Spreading of multi-drug resistant variants of N. gonorrhoeae and their importance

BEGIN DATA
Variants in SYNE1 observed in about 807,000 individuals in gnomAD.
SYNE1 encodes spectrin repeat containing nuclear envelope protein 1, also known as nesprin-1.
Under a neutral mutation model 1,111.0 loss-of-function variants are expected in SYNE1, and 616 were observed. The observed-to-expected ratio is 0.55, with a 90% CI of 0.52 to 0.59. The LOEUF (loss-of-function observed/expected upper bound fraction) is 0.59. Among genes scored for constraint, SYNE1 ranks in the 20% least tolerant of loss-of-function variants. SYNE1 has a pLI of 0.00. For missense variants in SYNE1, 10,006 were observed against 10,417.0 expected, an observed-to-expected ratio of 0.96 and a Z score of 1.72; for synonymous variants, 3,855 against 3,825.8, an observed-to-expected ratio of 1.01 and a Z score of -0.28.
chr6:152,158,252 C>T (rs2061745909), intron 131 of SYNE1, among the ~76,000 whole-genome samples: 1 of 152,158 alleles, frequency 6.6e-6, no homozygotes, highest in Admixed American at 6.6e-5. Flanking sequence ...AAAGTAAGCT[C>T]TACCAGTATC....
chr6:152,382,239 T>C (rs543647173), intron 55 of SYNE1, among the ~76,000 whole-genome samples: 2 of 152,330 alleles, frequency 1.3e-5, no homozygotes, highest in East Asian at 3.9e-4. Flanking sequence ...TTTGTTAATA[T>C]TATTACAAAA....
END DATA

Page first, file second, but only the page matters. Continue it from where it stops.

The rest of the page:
The problem of bacterial drug resistance can be considered at various levels. It is particularly important to understand that the evolution of resistance mechanisms in bacteria is inextricably associated with the epidemiology of infections with a given species. The emergence of a new resistance mechanism is much more important if it occurs in specific epidemic or pandemic clones, which for various reasons are characterized by increased infectiveness and/or pathogenicity and are, therefore, responsible for a majority of infections with a particular species. The representatives of the CC1 clonal complex NG-MAST (G1407 genogroup NG-MAST) [23] according to the molecular typing system NG-MAST (Neisseria gonorrhoeae multi-antigen sequence typing), which is most frequently used in the epidemiological studies of N. gonorrhoeae (MLST, NG-STAR, MLVA and other systems are also used), seem to play the dominant role in N. gonorrhoeae. The G1407 genogroup, in particular the ST1407 sequence type, is currently dominant in most European countries. This genogroup includes about 330 sequence types, also including ST3128, ST3158, ST4120, ST5332, which dominate or have a significant share in individual countries [24, 25]. The interest in resistance mechanisms remains closely related to clinical practice. The emerging resistance mechanisms force the introduction of new drugs and change of treatment regimens. The timetable of appearance of the resistance in N. gonorrhoeae to particular drugs is shown in the Table 1 [7, 15, 26,27,28,29,30]. The arising, presently still rare in this species, resistance to third-generation cephalosporins is of particular importance for N. gonorrhoeae. However, it was observed that the mechanisms of resistance to drugs formerly used in gonorrhoea treatment, i.e., plasmid-coded, once very popular (such as the resistance to penicillin related to beta-lactamase production or TetM proteins related to tetracycline resistance) do not occur at all or are very rare in the currently dominating sequence types in Europe. In these bacteria, mechanisms involving the synthesis of specific plasmid-coded proteins have been replaced by other mechanisms, conditioned by mutations of chromosomal genes. The transfer of beta-lactamase plasmid to N. gonorrhoeae belonging to genogroup ST1407 is possible, but the bacteria cannot maintain the plasmid for longer time [31]. This indicates a tendency of removing the energy-intensive ballast by bacteria in the absence of selective pressure in the environment. The level of resistance to a specific antibiotic, measured by the MIC value, is much lower in these cases. For this reason, it is especially important to adopt appropriate criteria for recognizing a bacterial strain as resistant or susceptible to a particular drug. Generally accepted criteria are determined annually by institutions appointed for this purpose, such as EUCAST (The European Committee on Antimicrobial Susceptibility Testing), obligatory in many European countries, and CLSI (Clinical and Laboratory Standards Institute), obligatory in the USA and many non-European countries. These criteria may differ from each other and may change in successive years. In European countries, accuracy of antimicrobial susceptibility tests is checked by appropriate and regular quality assurance procedures [32]. Current EUCAST and CLSI (March 2019) breakpoints are presented in Table 2 [33, 34]. Therefore, when specifying the percentage of bacteria susceptible to a given antibiotic, it is necessary to provide the accepted susceptibility criteria, or to calculate the MIC50 and MIC90 values. The term “resistance” is abused in relation to certain mechanisms. In N. gonorrhoeae, for example, the mechanism related to the overproduction of MtrCDE, MacAB or NorM membrane pumps, unless it interacts with another mechanism, does not cause resistance, but only decreases the susceptibility (increase in the MIC value of the drug) and the strain is classified as susceptible.